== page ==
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" He grasp'd the mane with both his hands And eke with all his might. His horse, who never in that sort Had handled been before, What thing upon his back had got Did wonder more and more. Away went Gilpin neck or... "
Blackwood's Edinburgh Magazine - Page 436
1819
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The Cambridge Book of Poetry and Song: Selected from English and American ...

Charlotte Fiske Bates Rogé - 1832 - 882 pages
...Beneath his well-shod feet. The snorting beast began to trot, Which galled him in his seat. So " Fair and softly." John he cried ; But John he cried in...vain: That trot became a gallop soon, In spite of curb and rein. So stooping down, as needs he must Who cannot sit upright. He grasped the mane with both...
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The Works of William Cowper: Table talk. The task. Tirocinium; or, A review ...

William Cowper - 1835
...well-shod feet, The snorting beast began to trot, Which gall'd him in his seat. So, " Fair and softly,'1 John he cried, But John he cried in vain ; That trot became a gallop soon, In spite of curb and rein. So stooping down, as needs he must Who cannot sit upright, He grasp'd the mane with both...
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Translation from Madame de La Mothe-Guion. The task. Tirocinium. John Gilpin ...

William Cowper - 1836
...Beneath his well-shod feet, The snorting beast began to trot, Which gall'd him in his seat. So, Fair and softly, John he cried, But John he cried in vain, That trot became a gallop soon In spite of curb and rein. So stooping down, as needs he must Who cannot sit upright, He grasp'd the mane with both...
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The Life and Works of William Cowper: Now First Completed by the ..., Volume 7

William Cowper - 1835
...Beneath his well shod feet, The snorting beast began to trot, Which gall'd him in his seat. So, fair and softly, John he cried, But John he cried in vain...; That trot became a gallop soon, In spite of curb and rein. So stooping down, as needs he must Who cannot sit upright, He grasp'd the mane with both...
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The Works of William Cowper, Esq., Comprising His Poems ..., Volume 9

William Cowper - 1836
...Beneath his well-shod feet, The snorting beast began to trot, Which gall'd him in his seat. So, Fair and softly, John he cried, But John he cried in vain, That trot became a gallop soon In spite of curb and rein. So stooping down, as needs he must Who cannot sit upright, He grasp'd the mane with both...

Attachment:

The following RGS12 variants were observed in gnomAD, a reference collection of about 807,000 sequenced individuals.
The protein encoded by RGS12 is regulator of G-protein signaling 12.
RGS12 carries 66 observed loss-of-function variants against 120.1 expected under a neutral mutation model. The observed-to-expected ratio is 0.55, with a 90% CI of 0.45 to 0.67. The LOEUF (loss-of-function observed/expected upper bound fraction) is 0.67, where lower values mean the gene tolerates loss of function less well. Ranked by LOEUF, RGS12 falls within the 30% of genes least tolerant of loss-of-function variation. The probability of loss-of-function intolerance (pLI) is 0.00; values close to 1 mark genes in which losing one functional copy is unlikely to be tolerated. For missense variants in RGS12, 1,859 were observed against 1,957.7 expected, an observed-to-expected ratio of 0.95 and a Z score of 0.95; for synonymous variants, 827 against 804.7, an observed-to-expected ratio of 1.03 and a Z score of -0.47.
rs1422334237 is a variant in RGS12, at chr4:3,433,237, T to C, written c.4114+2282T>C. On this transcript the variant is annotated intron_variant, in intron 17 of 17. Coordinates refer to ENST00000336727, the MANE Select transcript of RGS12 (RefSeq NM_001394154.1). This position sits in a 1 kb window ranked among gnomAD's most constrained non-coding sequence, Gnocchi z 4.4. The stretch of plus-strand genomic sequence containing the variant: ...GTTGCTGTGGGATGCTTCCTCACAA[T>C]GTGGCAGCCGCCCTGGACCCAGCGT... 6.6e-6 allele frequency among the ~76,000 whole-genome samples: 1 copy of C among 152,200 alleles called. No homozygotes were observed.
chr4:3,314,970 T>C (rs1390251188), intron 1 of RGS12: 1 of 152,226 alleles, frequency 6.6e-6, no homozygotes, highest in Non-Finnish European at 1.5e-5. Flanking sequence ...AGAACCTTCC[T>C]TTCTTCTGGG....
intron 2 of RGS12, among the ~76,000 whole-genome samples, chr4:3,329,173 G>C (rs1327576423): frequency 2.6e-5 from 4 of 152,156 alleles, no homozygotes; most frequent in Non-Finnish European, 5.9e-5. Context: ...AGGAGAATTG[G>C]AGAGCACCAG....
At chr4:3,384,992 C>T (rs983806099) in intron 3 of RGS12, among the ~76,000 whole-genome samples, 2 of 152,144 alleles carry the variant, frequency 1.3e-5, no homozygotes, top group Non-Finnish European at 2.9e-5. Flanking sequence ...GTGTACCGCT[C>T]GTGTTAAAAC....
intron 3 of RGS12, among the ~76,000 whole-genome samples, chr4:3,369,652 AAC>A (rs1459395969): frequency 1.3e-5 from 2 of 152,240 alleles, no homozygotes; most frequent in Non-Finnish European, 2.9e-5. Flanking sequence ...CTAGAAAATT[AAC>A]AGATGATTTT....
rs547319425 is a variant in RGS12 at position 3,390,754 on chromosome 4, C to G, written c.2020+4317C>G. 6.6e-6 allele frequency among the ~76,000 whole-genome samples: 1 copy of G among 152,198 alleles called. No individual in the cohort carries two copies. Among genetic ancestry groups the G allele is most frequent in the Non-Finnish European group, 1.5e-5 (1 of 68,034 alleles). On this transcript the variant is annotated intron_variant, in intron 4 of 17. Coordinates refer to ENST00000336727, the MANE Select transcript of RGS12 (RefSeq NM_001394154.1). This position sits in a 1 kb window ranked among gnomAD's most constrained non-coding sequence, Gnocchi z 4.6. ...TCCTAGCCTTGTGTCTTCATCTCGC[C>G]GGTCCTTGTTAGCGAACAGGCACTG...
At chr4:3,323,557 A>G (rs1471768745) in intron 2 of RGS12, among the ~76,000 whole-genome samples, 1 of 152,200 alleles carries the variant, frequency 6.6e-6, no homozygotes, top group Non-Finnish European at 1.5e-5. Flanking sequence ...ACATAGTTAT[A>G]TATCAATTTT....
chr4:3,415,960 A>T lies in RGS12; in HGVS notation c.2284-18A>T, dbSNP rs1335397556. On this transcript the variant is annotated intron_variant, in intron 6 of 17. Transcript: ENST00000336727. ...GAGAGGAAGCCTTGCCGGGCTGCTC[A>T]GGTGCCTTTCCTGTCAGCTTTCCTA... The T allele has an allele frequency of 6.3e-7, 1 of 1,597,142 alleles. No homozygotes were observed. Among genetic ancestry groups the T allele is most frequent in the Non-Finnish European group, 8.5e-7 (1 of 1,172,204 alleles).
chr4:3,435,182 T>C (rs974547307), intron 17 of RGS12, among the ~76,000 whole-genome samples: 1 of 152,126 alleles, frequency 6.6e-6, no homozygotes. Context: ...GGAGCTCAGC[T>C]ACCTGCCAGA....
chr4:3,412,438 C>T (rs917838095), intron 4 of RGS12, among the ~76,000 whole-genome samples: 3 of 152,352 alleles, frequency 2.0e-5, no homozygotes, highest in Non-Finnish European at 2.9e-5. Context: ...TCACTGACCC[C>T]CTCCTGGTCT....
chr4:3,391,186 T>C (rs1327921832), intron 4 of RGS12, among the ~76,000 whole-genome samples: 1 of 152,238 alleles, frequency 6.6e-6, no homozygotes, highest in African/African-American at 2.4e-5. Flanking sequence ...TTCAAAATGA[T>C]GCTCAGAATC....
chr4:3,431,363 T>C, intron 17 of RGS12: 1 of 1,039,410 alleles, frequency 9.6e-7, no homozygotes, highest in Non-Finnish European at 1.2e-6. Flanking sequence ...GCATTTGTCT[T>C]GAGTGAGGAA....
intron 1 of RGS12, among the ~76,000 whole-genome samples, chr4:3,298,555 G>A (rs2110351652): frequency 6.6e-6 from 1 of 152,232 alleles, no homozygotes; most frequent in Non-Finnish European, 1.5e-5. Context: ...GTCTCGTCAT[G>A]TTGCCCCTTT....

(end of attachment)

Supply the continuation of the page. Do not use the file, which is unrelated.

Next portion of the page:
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Translation from Madame de La Mothe-Guion. The task. Tirocinium. John Gilpin ...

William Cowper - 1836
...softly, John he cried, But John he cried in vain, That trot became a gallop soon In spite of curb and rein. So stooping down, as needs he must Who cannot sit upright, He grasp'd the mane with both his hands And eke with all his might. His horse, who never in that sort...
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Poems; to which is prefixed a memoir of the author by J. M'Diarmid

William Cowper - 1837
...Beneath his well-shod feet, The snorting beast began to trot, Which gall'd him in his seat. So, Fair and softly, John he cried, But John he cried in vain...; That trot became a gallop soon, In spite of curb and rein. So stooping down, as needs he must, Who cannot sit upright, He grasp'd the mane with both...
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Select poetry for children: with notes, arranged by J. Payne

Joseph Payne - 1839
...Which galled him in his seat. [1] When Ida exercise— as captain of one of the trainbands. So, " fair and softly! " John he cried, But John he cried in...; That trot became a gallop soon, In spite of curb and rein. So stooping down, as needs he must, Who cannot sit upright, He grasped the mane with both...
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The Poetical Works of William Cowper

William Cowper - 1839 - 516 pages
...softly ! John he cried; But John he eried in vain, That trot beeame a gallop soon, In spite of curb and rein. So stooping down, as needs he must Who cannot sit upright, He grasp'd the mane with both his hands And eke with all his might. His horse, who never in that sort...
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Selections from the British Poets, Volume 2

1840
...Beneath his well-shod feet, The snorting beast began to trot, Which gall'd him in his seat. So, " Fair and softly," John he cried, But John he cried in vain...; That trot became a gallop soon, In spite of curb and rein. So, stooping down, as needs he must Who cannot sit upright, He grasp'd the mane with both...
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